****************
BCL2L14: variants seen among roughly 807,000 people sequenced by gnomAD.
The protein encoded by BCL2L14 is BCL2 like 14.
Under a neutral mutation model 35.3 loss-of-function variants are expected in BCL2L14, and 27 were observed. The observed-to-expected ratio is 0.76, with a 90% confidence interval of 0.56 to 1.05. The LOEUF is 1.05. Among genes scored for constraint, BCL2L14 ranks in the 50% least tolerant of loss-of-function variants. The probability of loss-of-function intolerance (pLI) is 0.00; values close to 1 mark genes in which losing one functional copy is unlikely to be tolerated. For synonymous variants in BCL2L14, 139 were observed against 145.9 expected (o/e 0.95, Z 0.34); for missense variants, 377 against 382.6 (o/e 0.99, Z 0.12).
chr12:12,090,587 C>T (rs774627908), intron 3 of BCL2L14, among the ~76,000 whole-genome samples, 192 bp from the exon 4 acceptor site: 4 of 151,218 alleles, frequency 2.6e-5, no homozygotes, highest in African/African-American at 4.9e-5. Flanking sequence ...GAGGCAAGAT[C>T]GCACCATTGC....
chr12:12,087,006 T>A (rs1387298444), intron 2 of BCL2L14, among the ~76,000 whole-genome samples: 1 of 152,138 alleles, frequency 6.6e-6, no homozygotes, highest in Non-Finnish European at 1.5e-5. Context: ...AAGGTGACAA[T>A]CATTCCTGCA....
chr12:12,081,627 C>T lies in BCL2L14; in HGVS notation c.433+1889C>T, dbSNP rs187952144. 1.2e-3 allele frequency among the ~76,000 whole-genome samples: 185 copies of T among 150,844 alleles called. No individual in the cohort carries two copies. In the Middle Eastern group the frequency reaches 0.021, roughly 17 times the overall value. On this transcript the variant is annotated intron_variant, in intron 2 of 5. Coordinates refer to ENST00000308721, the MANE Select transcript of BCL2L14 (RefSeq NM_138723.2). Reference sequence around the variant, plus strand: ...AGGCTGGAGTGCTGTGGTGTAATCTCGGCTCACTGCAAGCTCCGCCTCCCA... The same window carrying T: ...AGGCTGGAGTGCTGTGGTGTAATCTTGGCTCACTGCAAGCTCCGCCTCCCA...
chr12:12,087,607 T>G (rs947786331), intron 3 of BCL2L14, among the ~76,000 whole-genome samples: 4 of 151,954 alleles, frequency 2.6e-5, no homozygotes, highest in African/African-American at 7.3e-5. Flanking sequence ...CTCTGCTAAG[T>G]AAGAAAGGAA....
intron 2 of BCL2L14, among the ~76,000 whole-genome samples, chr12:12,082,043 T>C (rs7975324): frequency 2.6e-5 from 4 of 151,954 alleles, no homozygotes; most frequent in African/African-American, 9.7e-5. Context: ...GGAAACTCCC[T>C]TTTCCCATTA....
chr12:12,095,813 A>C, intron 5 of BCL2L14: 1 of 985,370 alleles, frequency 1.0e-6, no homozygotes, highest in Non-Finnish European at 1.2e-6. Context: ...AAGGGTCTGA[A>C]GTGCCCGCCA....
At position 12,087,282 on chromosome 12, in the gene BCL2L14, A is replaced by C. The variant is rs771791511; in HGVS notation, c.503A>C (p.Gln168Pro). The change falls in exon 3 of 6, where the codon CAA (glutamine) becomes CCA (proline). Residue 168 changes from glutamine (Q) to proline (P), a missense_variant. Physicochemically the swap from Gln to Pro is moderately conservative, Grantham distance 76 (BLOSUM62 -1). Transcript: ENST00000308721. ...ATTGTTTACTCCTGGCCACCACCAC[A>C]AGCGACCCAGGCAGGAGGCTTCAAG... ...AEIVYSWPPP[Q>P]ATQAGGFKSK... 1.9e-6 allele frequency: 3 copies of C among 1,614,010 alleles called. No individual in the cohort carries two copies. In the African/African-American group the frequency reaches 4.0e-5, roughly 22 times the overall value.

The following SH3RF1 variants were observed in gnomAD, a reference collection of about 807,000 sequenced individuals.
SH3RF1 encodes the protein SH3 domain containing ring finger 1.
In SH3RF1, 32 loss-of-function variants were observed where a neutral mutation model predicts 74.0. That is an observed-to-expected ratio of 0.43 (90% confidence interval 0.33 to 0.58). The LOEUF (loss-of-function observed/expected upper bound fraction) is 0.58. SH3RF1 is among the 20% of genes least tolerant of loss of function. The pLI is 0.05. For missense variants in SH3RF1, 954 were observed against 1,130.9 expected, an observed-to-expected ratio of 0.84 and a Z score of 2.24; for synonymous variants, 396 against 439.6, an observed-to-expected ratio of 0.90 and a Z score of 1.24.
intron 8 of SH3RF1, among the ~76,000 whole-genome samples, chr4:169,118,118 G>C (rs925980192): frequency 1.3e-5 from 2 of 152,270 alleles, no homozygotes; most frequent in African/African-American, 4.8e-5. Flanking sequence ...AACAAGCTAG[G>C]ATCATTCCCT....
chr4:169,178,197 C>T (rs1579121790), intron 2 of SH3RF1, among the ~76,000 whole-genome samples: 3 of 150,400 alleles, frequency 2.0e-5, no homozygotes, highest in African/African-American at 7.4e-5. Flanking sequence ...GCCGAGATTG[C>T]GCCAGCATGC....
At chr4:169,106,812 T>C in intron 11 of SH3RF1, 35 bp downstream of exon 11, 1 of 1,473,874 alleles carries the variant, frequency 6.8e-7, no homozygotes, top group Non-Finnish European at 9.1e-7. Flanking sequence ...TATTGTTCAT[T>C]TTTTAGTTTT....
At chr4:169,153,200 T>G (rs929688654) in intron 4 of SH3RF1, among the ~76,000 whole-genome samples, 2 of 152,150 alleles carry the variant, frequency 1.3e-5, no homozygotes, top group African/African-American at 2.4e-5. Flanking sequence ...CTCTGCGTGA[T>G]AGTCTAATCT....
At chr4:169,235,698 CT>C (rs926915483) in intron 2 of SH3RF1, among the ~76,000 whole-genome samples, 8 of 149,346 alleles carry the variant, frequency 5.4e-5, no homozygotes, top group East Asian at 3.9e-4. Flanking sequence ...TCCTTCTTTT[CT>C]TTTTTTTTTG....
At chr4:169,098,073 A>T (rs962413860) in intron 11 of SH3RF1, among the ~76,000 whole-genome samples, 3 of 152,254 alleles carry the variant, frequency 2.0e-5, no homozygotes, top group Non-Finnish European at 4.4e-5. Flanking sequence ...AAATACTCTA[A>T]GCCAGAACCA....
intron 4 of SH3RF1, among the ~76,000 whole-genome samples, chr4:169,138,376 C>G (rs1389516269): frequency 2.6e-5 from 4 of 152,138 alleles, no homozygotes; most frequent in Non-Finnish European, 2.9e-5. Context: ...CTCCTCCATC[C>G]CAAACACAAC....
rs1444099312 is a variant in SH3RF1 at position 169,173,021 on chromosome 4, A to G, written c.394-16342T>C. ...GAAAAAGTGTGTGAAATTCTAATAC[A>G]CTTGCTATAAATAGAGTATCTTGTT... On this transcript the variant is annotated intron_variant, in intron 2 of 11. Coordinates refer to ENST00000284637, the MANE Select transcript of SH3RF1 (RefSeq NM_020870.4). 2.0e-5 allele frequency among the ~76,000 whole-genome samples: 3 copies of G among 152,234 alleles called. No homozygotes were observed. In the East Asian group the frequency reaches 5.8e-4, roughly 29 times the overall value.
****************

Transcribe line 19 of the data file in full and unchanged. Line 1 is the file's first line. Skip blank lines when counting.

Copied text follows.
At chr4:169,098,073 A>T (rs962413860) in intron 11 of SH3RF1, among the ~76,000 whole-genome samples, 3 of 152,254 alleles carry the variant, frequency 2.0e-5, no homozygotes, top group Non-Finnish European at 4.4e-5. Flanking sequence ...AAATACTCTA[A>T]GCCAGAACCA....